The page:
Health authorities have confirmed that there are no undesired effects of moderate caffeine consumption.

Many authorities around the world have looked at the effects of caffeine. For example, Health Canada scientists conducted an extensive review of the scientific literature on caffeine (Nawrot et al., 2003). Based on this review, they concluded that the general population of healthy adults is not at risk for potential adverse effects from caffeine if they limit their consumption to 400 mg per day. This is in line with similar findings from the European Food Safety Authority (EFSA) in 2015. However, pregnant and breast-feeding women should limit their caffeine intake to 200 mg.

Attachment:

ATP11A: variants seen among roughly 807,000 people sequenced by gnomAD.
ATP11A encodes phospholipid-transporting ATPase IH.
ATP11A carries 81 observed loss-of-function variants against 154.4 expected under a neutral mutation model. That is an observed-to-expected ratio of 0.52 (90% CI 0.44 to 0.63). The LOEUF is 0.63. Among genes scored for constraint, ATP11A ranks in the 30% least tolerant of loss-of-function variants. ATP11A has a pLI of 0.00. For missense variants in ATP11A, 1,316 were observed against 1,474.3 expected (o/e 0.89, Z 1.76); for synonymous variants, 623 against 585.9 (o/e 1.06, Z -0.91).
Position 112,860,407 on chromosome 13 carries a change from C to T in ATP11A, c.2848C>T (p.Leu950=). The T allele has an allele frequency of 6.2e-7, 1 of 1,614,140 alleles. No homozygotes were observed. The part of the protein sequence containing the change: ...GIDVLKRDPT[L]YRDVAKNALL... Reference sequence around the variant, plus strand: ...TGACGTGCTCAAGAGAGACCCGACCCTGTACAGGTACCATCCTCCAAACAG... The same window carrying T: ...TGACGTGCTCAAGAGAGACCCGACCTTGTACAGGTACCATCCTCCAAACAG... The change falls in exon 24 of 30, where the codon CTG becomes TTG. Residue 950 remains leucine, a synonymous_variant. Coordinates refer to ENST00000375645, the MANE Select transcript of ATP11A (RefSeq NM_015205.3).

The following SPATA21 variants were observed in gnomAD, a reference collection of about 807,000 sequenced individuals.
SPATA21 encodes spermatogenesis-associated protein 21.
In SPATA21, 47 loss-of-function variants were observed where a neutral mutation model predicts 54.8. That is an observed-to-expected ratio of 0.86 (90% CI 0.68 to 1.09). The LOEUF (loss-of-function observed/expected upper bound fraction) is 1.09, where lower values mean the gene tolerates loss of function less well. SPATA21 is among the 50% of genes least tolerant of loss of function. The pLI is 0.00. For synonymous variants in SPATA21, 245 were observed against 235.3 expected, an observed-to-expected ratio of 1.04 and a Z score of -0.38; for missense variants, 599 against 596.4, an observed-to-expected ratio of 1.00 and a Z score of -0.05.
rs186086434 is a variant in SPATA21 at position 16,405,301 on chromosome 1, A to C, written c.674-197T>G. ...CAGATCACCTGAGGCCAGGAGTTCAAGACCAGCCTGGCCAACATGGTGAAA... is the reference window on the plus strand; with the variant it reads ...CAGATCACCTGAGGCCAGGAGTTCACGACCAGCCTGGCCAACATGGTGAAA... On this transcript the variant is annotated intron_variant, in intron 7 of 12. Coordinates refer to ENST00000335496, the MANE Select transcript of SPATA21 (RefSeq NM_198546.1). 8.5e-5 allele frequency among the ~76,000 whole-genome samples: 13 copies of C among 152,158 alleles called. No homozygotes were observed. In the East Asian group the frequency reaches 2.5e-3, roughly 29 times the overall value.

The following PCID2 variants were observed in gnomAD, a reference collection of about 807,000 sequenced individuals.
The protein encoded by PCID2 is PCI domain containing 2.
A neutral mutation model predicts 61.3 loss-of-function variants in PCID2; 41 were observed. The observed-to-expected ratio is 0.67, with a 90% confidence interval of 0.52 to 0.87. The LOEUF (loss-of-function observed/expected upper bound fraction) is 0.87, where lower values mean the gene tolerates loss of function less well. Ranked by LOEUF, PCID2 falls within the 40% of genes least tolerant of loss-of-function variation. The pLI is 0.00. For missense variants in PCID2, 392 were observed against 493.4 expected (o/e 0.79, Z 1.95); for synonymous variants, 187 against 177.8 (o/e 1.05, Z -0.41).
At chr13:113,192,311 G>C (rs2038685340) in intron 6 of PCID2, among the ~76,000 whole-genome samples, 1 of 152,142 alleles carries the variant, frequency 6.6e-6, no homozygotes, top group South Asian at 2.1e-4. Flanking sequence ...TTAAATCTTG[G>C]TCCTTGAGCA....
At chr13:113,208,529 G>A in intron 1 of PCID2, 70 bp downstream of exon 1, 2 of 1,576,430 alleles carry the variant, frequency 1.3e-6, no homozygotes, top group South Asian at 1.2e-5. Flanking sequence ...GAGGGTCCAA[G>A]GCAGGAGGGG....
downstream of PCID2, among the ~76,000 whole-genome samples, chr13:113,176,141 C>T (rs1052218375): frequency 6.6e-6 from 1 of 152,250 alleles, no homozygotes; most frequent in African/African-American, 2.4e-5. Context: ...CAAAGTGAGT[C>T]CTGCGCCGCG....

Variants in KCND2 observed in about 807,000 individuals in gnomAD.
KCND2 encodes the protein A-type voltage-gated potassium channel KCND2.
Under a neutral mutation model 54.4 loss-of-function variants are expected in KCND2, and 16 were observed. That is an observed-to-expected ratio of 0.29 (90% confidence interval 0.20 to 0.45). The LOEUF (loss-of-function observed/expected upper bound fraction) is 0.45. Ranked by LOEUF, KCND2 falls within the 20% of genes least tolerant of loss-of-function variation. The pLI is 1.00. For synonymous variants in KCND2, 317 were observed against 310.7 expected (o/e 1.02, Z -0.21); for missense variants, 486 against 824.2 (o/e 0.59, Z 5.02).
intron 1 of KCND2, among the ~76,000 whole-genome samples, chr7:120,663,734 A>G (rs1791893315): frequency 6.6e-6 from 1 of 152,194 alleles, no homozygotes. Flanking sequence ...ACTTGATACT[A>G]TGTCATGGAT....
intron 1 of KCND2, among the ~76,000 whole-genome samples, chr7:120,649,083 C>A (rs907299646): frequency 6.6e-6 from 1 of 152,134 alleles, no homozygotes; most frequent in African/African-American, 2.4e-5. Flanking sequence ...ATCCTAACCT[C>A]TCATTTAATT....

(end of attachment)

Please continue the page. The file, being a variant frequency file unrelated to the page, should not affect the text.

One 250 ml can of Red Bull Energy Drink contains 80 mg of caffeine, about the same amount of caffeine as in a cup of coffee.

Health authorities across the world, including the European Food Safety Authority, have concluded that Red Bull Energy Drink is safe to consume, which is why it is available in more than 169 countries including every state of the European Union.